SVB Financial Group (NASDAQ: SIVB) is diversified across several segments of investment and commercial banking, capital markets and wealth management. With roots in Silicon Valley, the group specializes in working with technology and life science companies as its core customer base. Indeed, this exposure has driven strong growth over the past few years, culminating in a record year 2021 where total client funds nearly doubled. Fast forward, this year’s story has been a stock selloff amid broader market volatility and lending slowdown.
The company just released its latest quarterly results which fell short of expectations, while management also cut its full-year guidance. That being said, the stock is already down over 40% year-to-date and looks attractive at the current level for a potential rebound. The long-term growth story remains in place, and despite short-term headwinds, the overall fundamentals are strong with compelling underlying value.
Summary of SIVB gains
Q2 EPS of $5.60 representing net income of $330 million, was down from EPS of $9.09 in the year-ago period and also $2.08 below estimates of the market. Much of the lack of earnings consensus was based on greater Provision for credit losses, with SIVB billing $196 million versus $35 million for the year-ago period, citing the tougher economic outlook. Revenue of $1.5 billion was up 2.7% year over year and was also weaker than expected.
Management explains the financial market environment, including rising interest rates and economic uncertainty, limiting activity in areas such as venture capital investments and IPOs. With private technology companies being an important customer category, this group faced liquidity challenges with increased burn rates which further translated into pressure on the growth of the bank’s balance sheet.
The trends were reflected in weaker key operational and financial metrics. Average total client funds, as a measure of on-balance sheet deposits and off-balance sheet client investment funds, fell -2.6% year-on-year to $386 billion. The loan balance at the end of the period at $71 billion was down -3.3% compared to the second quarter of last year. Non-interest revenue of $362 million was down from $517 million in the first quarter, highlighting the challenges.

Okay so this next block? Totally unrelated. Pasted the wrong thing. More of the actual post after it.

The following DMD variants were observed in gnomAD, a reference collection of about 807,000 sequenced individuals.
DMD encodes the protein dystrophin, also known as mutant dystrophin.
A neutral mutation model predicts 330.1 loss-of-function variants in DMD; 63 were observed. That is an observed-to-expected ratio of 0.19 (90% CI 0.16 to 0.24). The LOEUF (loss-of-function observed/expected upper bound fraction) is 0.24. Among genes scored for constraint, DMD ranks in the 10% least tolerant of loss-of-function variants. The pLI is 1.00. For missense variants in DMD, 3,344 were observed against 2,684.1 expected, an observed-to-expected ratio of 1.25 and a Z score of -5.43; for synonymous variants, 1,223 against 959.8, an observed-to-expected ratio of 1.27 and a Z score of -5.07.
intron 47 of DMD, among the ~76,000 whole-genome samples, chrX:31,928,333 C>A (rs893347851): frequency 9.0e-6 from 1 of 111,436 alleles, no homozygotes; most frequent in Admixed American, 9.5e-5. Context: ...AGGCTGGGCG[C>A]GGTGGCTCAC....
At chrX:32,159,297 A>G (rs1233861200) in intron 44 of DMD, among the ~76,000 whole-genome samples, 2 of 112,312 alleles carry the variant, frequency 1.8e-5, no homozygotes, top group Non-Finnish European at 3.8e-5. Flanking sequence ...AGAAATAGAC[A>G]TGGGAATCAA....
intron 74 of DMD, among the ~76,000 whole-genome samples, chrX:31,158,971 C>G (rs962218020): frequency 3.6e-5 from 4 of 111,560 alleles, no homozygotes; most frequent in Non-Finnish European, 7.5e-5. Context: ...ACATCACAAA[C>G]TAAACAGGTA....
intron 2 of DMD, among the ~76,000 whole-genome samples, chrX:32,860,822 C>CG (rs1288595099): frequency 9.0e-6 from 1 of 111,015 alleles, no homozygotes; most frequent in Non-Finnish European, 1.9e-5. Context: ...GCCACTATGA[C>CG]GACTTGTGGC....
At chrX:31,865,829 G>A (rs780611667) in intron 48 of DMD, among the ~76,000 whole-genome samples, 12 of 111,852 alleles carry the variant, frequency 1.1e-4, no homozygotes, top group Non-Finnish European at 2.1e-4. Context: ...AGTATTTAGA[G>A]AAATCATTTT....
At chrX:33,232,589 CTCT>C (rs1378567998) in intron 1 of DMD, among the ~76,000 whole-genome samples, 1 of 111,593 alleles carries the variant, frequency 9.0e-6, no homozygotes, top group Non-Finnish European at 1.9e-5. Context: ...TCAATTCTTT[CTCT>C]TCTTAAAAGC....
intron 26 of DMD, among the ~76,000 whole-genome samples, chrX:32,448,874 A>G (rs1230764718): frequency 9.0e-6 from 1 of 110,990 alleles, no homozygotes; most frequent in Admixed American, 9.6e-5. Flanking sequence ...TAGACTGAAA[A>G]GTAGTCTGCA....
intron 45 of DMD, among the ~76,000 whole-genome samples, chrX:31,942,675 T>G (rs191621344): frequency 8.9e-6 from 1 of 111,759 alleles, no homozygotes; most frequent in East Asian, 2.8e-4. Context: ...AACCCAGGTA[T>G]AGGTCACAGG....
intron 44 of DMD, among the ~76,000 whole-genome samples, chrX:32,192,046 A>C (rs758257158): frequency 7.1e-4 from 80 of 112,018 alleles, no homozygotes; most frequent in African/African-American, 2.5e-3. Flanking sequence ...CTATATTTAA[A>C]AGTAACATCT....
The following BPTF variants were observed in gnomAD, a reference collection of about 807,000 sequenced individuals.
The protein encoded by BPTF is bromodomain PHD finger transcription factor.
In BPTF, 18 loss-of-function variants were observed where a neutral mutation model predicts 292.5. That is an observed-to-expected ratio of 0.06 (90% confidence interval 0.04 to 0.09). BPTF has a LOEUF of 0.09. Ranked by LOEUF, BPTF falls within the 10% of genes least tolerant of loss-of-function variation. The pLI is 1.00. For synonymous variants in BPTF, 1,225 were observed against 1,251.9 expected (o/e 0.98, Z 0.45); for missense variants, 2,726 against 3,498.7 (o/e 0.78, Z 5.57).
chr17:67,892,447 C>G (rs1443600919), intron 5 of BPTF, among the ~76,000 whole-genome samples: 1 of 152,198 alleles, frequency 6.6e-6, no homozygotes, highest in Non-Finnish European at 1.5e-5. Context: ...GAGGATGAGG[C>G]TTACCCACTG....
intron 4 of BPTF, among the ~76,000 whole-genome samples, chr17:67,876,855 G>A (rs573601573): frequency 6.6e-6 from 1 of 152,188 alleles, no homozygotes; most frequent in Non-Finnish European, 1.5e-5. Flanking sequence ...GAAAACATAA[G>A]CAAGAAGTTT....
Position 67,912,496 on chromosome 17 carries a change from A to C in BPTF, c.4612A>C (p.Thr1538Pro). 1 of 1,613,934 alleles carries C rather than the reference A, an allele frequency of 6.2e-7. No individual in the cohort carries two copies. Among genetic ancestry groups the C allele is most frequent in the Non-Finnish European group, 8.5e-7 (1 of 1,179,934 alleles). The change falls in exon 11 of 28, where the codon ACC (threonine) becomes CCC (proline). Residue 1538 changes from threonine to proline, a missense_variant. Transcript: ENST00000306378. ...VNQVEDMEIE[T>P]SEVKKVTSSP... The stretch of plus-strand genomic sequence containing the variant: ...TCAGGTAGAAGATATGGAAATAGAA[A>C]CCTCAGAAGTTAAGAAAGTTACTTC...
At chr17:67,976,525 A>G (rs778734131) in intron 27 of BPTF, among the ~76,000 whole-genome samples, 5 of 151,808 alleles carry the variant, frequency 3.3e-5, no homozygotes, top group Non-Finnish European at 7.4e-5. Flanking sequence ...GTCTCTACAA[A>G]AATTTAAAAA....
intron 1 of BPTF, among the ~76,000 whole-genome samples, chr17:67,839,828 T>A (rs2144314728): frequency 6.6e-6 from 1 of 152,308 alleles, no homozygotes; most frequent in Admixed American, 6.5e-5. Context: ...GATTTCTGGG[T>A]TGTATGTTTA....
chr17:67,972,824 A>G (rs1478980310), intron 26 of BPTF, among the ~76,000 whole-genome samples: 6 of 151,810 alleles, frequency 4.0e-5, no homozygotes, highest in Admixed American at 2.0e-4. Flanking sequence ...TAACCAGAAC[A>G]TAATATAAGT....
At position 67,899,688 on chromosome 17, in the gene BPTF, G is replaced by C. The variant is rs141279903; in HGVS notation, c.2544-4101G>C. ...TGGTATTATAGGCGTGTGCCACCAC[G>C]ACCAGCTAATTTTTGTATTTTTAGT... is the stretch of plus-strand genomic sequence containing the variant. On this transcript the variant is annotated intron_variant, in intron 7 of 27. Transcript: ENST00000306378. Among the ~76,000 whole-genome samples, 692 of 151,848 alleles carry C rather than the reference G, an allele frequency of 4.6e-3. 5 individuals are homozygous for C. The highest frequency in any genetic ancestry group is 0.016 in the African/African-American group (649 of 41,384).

A highlight was the upward trend in net interest income which reached $1.2 billion in the second quarter, compared to $0.7 billion in the second quarter of 2021. Here, the SIVB benefits from both the increase in the deposit base as well as the upward trend in rates which at least helps to mitigate some of the other weaknesses. Separately, “core fees” reflecting revenue from more basic financial services and wealth management businesses rose to $286 million from $149 million last year. This also includes the business boost 2021 acquisition of Boston Private Financial.
Overall, it is important to put some of these results in the context of the exceptional year 2021. Conditions have slowed, but the conclusion is that the underlying growth and profitability are there.
The other development this quarter was an update to the guidance for the full year. SVB Financial Group is revising down its growth targets for average loan balances and average deposit balances in the “high 20s”, compared to previous guidance in the “mid-30s” and “lower 40s” for each metric respectively. The most significant impact is weaker growth in net interest income in the “mid 40s” compared to the “low 50s” released at the time of the first quarter earnings report. Again, the changes reflect an acknowledgment of the economic landscape relative to the stronger outlook at the start of the year.
Is the SIVB a good deed?